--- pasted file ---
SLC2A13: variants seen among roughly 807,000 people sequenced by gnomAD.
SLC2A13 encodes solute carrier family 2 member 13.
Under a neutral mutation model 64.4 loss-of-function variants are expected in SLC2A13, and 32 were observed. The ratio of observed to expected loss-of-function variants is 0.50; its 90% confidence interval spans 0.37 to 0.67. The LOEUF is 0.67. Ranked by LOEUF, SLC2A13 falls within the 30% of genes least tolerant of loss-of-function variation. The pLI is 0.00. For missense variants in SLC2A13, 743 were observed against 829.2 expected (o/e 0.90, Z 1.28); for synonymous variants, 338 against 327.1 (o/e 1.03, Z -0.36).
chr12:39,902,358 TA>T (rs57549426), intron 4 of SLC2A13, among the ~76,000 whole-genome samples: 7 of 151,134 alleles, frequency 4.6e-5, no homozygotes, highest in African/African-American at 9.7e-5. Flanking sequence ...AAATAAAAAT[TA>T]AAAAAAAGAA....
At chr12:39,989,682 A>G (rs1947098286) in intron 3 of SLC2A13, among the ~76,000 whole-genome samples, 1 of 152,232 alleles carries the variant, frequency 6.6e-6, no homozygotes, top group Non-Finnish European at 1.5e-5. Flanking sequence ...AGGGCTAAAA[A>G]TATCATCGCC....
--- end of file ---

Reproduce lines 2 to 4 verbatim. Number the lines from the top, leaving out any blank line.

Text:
SLC2A13 encodes solute carrier family 2 member 13.
Under a neutral mutation model 64.4 loss-of-function variants are expected in SLC2A13, and 32 were observed. The ratio of observed to expected loss-of-function variants is 0.50; its 90% confidence interval spans 0.37 to 0.67. The LOEUF is 0.67. Ranked by LOEUF, SLC2A13 falls within the 30% of genes least tolerant of loss-of-function variation. The pLI is 0.00. For missense variants in SLC2A13, 743 were observed against 829.2 expected (o/e 0.90, Z 1.28); for synonymous variants, 338 against 327.1 (o/e 1.03, Z -0.36).
chr12:39,902,358 TA>T (rs57549426), intron 4 of SLC2A13, among the ~76,000 whole-genome samples: 7 of 151,134 alleles, frequency 4.6e-5, no homozygotes, highest in African/African-American at 9.7e-5. Flanking sequence ...AAATAAAAAT[TA>T]AAAAAAAGAA....